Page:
Who are the real conservatives, and what does that have to do with the School Board ? It is fashionable these days for candidates to seek the "conservative" label. But what are the real conservative principles, and how do they apply to the schools ?
The conservative philosophy rests on three foundations --
1) LIMITED GOVERNMENT Applied to public schools, limited government means that curriculum, teaching methods and evaluation of results should rest more with local school boards and less with the state. There is no role for the federal government. Second, limited government means more authority should leave the Central Office and flow to the school principals, assistant principals, and classroom teachers. They know their students, parents, teachers, available facilities and the culture of their school, which makes them the best judges of how to teach. Local decisions are the best decisions. Teachers should spend their time teaching, not complying with administrative directives and filling out forms.
2) FISCAL RESPONSIBILITY Henderson County public schools are a big business, the largest employer in the county. The public schools account for $32M (25%) of the county budget. Any enterprise this size has hundreds of nooks and crannies where ineffective or wasteful spending can hide. These black holes must be assumed to exist, sought out, identified, and eliminated. We should be getting more education for the $125,000,000 we're spending. A fiscally responsible School Board would strive to direct money and resources to classroom instruction benefiting students, not to administration, pet projects, or programs of questionable or unproven value or politically correctness.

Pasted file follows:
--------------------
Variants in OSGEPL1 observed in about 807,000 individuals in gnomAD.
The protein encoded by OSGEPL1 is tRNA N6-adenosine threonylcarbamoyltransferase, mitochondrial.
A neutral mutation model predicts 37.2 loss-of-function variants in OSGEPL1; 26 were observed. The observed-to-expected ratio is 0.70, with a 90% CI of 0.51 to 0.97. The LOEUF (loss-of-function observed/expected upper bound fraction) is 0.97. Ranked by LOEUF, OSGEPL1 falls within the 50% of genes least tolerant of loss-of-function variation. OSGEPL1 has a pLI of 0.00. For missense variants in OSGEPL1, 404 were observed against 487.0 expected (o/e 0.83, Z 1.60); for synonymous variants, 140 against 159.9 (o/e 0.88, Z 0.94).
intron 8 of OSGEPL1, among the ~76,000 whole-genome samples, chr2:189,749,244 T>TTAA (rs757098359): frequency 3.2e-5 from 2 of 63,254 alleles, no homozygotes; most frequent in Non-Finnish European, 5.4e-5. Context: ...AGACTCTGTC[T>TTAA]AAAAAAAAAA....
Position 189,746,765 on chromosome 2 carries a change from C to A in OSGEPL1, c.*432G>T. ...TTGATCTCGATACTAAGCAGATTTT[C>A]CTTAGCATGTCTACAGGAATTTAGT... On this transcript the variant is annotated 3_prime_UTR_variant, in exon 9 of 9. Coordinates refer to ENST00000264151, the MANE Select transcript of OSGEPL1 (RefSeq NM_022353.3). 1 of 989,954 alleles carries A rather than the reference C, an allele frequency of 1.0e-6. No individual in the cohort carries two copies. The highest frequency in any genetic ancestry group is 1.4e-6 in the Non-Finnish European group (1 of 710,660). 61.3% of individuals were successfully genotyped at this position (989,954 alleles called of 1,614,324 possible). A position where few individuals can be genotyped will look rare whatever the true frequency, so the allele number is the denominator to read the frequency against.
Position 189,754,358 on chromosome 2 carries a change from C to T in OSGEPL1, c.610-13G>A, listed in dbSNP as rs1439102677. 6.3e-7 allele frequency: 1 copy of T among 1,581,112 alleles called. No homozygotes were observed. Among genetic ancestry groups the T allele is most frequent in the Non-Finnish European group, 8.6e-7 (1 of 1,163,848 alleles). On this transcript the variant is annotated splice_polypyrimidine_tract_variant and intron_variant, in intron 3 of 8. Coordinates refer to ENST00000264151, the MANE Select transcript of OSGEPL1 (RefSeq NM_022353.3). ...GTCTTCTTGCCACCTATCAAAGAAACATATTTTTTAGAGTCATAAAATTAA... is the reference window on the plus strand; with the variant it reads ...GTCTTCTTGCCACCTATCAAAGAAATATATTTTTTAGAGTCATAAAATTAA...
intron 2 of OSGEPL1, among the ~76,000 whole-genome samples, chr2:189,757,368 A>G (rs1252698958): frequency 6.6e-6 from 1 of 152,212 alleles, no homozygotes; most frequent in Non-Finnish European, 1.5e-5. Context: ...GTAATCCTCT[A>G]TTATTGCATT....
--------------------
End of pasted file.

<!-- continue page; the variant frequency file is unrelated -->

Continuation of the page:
Note that fiscal responsibilitydoesn't mean spending as little as possible -- itmeanssqueezing the maximum value out of each taxpayer dollar.
It also means persuading the state and especially the County Commissioners to give more support to essential programs that have been neglected, particularly those programs in which we are clearly behind other districts and the rest of the country. Our county standing of 98/110 in per-pupil expenditure is nothing to be proud of; that's actually fiscal irresponsibility.
3) PRESERVATION OF TRADITIONAL VALUES Remember the 3 R's: readin', writin', and 'rithmetic ? Along with critical thinking, they are what students need for whatever path they take in life. Are our current students developing these skills? Could some recent methods of teaching these subjects possibly be less effective than the traditionalways? We have a one-hundred-year experience with what works and what doesn't work in this county, and we should compare our present curriculum with past results because we seem to be falling down.
Further, schools used to be the place where traditional values were passed along to students as they studied patriotism, the American way, our political system and the separation of powers, how government works, and what's kept us free. I believe we need to bring back old-fashioned "Civics" as a required course. This is how our traditional values can be perpetuated from generation to generation, and to our new Americans.